Spiny lobsters lack the large frontal claws of the American lobster and are instead harvested for their meaty “lobster tail.”  However, there is much more meat in each lobster than just the tail.   Find out how to properly clean these crustaceans to respect the sacrifice of it’s harvest.  Here is a great video from @Fly Navarro’s Fishing Encyclopedia on How to clean a Florida Spiny lobster with Cod & Capers Seafood

Habitat, growth, and helpful facts on lifecycle:

Primarily Spiny Lobster can be found nearshore or inshore in water depths ranging from 2’-200’.  Any hard bottom or structure that provides ledges, crevices, and/or depressions and overhangs for the lobsters to hide and seek refuge from predators.  Examples of this type of structure include rocks, coral reefs, mangrove roots, shipwrecks, or timber and other structure displaced by hurricanes.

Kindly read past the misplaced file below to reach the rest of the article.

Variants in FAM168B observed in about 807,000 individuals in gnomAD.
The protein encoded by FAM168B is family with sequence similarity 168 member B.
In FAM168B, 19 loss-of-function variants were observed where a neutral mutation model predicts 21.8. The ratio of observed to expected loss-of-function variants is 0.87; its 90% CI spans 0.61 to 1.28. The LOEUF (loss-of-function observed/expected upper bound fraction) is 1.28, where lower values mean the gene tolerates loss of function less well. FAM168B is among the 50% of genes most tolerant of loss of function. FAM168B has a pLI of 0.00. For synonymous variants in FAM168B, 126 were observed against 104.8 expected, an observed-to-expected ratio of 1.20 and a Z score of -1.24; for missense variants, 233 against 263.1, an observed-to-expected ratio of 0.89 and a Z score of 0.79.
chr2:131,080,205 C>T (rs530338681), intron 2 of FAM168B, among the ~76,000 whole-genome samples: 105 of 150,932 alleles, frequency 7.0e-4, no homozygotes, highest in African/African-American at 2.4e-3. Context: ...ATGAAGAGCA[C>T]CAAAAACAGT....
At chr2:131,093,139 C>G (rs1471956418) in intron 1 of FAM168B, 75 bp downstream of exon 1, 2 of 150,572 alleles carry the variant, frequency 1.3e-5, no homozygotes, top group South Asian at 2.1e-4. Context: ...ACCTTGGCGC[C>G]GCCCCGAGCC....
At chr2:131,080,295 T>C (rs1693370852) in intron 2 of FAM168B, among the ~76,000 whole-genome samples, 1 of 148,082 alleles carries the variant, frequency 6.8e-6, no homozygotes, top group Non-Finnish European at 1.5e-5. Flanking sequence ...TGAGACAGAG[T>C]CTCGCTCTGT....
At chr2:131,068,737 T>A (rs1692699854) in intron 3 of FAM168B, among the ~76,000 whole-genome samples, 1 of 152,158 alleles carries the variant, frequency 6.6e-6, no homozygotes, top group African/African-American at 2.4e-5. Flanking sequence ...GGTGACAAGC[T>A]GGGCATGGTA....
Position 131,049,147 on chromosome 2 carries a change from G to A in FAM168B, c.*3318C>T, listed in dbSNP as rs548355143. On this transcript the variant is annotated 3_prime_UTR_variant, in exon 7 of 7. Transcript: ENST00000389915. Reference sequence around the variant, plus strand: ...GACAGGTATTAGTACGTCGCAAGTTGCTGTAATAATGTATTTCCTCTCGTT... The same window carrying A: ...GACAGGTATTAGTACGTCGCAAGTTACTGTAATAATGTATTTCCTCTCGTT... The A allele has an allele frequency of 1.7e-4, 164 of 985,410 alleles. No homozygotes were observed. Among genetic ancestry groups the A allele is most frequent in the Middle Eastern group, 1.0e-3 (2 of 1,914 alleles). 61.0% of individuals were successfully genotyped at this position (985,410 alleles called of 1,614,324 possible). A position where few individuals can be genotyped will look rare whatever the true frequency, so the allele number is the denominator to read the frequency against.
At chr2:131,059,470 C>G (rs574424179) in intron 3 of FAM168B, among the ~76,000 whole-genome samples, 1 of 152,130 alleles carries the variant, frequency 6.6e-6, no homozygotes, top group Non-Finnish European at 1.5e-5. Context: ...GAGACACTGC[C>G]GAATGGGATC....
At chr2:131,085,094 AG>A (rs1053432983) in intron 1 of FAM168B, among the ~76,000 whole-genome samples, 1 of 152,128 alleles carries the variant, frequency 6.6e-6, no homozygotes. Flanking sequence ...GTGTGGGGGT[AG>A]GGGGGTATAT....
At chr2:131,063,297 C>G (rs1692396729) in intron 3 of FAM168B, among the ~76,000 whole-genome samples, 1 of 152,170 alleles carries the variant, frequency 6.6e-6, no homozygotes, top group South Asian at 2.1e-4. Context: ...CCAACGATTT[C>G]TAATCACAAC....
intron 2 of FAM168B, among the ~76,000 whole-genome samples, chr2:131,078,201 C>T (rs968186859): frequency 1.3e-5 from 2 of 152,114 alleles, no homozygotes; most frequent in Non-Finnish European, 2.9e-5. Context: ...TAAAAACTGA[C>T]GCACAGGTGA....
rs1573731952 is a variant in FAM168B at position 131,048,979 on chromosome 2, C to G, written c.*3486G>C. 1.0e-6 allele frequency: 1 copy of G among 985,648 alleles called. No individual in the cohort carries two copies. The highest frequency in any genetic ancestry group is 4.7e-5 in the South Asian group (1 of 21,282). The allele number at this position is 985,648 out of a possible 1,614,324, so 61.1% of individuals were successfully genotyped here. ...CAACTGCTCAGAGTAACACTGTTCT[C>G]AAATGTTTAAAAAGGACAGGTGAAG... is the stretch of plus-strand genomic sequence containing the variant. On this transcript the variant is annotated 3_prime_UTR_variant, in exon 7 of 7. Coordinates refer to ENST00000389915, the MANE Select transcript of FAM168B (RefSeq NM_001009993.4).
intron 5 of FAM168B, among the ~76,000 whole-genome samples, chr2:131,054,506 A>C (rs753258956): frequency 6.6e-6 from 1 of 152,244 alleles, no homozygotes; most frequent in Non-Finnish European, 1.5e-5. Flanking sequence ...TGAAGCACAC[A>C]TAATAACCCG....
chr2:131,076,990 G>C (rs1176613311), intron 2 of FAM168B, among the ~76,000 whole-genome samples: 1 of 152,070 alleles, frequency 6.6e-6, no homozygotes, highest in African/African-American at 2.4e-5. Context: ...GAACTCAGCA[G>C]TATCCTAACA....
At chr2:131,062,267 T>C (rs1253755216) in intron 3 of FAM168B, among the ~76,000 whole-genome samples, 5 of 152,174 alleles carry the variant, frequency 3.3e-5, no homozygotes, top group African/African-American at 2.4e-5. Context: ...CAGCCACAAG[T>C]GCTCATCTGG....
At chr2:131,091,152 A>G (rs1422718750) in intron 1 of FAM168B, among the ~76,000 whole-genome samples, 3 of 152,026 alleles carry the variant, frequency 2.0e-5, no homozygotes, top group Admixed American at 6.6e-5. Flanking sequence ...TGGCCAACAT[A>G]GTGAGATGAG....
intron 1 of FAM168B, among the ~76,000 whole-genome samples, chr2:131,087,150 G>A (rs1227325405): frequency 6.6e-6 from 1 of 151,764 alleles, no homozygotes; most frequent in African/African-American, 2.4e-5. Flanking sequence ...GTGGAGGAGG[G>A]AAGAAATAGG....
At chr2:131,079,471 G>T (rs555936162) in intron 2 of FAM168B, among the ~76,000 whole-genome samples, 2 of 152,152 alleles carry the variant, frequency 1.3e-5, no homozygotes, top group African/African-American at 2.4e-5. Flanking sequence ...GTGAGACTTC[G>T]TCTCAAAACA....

During the day, Caribbean spiny lobsters remain hidden in caves, under ledges, and in crevices on the reef surface.  Spiny lobsters are nocturnal carnivores.  Individuals are much more active at night and forage along the reef and nearby flats for meals,  preying on small snails, crabs, clams, urchins, decaying organic matter, and some plants.

Spiny lobsters grow by molting their hard external shell. As they vacate their old shell, they absorb water, expanding their soft body before the newly exposed shell hardens.

Adults migrate seasonally in single-file lines, known as queues, into deeper water to avoid cold and turbulent water.  Here is a great video from @Landshark Outdoors depicting a spiny lobster queue off the east coast of south Florida